For me, one of the best things about going on holiday – indeed, one of the main reasons I like nothing more than spending a week in the sun – is the ample time it gives me to read. Often the bulk of my luggage comes from books, and when packing for eight days in the South of France with two of my best friends, I took no less than five books, hoping to get through at least four while away.
The first one I began was Wild by Cheryl Strayed, a memoir of an eleven-hundred mile trek Strayed made across the Pacific Crest Trail following the death of her mother, and her consequential divorce. I very rarely read non-fiction, the only two in recent memory being books on running that resulting in my partaking in the London Marathon earlier this year; however the blurb of Wild sounded compelling – and so I began.
The book begins with Strayed witnessing her forty-five year old mother dying, as cancer takes hold of her body. Her two siblings are largely absent during her mother’s illness and so Strayed and her step-father Eddie keep watch over her mother in her dying days.
Stricken with grief after having missed her final chance to say goodbye, Strayed struggles to cope with her loss and her marriage soon breakdowns following a series of infidelities behind her wonderful husband’s back. She then begins a relationship with another man, with whom she experiments with heroin and it is during this period of self-destruction that Strayed decides to embark on a redemptive journey hiking the epic PCT trail which stretches from Mexico to Canada through California, Washington and Oregon.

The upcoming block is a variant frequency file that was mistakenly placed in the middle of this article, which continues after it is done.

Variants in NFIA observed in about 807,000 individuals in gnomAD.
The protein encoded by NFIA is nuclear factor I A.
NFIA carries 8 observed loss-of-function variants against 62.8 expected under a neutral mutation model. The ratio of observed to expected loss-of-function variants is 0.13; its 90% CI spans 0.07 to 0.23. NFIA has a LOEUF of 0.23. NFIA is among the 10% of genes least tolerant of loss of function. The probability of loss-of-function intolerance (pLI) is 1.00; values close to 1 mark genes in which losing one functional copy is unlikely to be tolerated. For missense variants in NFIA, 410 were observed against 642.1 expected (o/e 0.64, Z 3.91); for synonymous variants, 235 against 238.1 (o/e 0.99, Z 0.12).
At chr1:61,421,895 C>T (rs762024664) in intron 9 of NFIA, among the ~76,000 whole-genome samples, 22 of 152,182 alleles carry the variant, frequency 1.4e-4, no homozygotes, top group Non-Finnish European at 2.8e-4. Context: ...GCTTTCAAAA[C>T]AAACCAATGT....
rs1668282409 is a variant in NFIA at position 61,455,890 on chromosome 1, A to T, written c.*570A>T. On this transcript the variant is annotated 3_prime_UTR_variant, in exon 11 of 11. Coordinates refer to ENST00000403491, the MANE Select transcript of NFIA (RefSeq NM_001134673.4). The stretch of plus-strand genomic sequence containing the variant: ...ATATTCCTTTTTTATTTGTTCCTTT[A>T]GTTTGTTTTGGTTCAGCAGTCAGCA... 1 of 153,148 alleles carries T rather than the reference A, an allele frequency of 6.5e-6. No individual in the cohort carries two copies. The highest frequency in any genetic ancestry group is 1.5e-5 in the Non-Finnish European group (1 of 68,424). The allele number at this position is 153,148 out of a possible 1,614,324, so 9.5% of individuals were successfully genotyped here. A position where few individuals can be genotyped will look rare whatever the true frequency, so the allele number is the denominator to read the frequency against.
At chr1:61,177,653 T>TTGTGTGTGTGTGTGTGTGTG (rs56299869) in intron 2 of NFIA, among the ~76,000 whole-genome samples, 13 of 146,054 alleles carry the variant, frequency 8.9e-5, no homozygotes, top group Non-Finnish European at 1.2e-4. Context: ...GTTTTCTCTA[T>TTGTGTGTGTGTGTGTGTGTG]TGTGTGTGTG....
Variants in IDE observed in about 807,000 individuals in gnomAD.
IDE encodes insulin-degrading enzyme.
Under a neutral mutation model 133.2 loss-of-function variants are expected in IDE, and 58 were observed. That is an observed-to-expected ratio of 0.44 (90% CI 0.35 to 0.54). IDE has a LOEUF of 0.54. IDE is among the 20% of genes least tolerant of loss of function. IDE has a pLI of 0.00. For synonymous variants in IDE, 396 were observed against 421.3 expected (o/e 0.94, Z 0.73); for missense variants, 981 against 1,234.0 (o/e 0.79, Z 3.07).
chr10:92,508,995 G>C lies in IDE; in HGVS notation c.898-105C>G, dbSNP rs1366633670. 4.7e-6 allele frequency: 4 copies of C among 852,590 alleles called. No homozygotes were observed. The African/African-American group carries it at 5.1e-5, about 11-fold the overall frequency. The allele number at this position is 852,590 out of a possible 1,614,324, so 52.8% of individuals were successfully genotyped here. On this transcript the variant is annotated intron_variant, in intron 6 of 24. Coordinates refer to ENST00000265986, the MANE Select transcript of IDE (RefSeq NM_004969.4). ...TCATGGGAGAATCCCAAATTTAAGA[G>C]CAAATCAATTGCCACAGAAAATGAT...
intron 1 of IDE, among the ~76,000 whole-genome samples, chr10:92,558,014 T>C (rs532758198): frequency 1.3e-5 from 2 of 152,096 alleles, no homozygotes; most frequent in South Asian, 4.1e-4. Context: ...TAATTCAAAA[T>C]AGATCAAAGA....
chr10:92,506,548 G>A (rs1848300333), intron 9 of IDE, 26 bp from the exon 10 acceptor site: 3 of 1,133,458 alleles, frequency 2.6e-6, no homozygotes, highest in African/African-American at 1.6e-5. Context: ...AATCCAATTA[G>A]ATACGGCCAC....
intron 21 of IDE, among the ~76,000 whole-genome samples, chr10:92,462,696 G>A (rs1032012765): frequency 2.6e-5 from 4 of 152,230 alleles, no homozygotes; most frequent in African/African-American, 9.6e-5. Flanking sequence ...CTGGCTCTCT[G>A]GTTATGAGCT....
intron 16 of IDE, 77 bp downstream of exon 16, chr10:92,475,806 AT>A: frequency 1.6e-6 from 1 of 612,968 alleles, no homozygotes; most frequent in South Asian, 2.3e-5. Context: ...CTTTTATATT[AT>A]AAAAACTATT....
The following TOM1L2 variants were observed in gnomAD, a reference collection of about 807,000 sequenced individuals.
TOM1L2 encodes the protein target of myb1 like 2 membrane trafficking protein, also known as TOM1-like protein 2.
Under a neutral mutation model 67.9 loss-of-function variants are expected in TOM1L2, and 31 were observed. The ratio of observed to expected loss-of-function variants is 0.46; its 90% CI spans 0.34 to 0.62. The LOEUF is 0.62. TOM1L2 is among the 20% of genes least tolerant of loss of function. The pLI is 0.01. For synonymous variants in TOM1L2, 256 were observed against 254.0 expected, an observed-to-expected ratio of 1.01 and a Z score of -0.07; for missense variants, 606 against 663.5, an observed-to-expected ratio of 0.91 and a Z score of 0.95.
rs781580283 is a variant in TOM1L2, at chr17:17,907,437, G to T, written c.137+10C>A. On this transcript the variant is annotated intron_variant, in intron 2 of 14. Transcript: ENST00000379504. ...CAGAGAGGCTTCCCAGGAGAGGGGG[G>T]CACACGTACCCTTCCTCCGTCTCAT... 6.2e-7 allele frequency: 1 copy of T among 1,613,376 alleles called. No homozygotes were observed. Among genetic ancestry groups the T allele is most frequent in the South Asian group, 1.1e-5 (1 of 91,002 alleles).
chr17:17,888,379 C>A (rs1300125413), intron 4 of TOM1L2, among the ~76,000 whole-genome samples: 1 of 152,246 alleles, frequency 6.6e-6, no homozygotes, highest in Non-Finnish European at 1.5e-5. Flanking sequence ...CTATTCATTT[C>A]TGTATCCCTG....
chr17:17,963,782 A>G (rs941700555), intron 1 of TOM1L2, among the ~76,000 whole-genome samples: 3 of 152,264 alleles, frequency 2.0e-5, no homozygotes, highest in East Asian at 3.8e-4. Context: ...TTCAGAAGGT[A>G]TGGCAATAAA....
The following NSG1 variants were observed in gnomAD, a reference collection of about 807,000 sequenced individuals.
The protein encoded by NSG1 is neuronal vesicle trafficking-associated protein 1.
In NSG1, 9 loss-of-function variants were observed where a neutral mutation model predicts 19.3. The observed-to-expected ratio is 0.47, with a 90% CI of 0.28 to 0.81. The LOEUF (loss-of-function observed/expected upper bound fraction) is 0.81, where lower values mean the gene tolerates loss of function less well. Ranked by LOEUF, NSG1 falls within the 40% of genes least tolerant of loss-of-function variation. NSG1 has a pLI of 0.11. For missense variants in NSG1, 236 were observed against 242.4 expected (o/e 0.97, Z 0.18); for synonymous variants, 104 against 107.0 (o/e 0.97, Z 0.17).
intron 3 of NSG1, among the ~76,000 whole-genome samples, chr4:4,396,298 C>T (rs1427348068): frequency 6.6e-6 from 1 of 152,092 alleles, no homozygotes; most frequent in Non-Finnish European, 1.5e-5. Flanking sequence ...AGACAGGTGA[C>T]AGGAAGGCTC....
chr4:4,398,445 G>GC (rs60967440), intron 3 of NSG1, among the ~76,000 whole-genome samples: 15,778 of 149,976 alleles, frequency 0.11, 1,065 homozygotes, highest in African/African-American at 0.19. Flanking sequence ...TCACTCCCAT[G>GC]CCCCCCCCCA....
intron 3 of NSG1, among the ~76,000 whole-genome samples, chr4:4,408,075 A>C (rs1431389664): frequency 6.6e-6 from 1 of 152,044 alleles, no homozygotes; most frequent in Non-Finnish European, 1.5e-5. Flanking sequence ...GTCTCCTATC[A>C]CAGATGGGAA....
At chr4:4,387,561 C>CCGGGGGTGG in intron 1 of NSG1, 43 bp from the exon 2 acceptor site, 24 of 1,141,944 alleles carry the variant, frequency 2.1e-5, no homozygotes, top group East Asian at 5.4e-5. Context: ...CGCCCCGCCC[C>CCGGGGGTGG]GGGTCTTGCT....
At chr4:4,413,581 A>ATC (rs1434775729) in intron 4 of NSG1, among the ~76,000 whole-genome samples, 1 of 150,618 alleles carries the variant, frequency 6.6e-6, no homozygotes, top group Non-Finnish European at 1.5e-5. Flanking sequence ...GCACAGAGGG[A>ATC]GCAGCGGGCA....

A novice hiker, Strayed encountered a number of extremes during the three months it took to hike eleven-hundred miles of the trail; from searing temperatures, to record snow falls, rattlesnakes, mountain bears and a back pack aptly named ‘The Monster’ that weighed almost as much as she did. We witness the transformation of her body as it acclimatises to the varying conditions of her journey, sympathise with her loneliness as she goes days without hearing her own voice, and we share her joy as she reaches the hiking stops along the trail and can finally indulge in a shower and proper food – having gone without either for days.
Most importantly of all, we see the redemptive power of nature, as the scars from the harrowing death of her mother and her heartbreaking divorce slowly begin to heal.
Beautifully written and evocative, Wild is a poignant, awe-inspiring read that shows how one rather extraordinary woman dealt with very real and very raw grief. I will treasure this book, and the journey on which it took me, for a long time to come.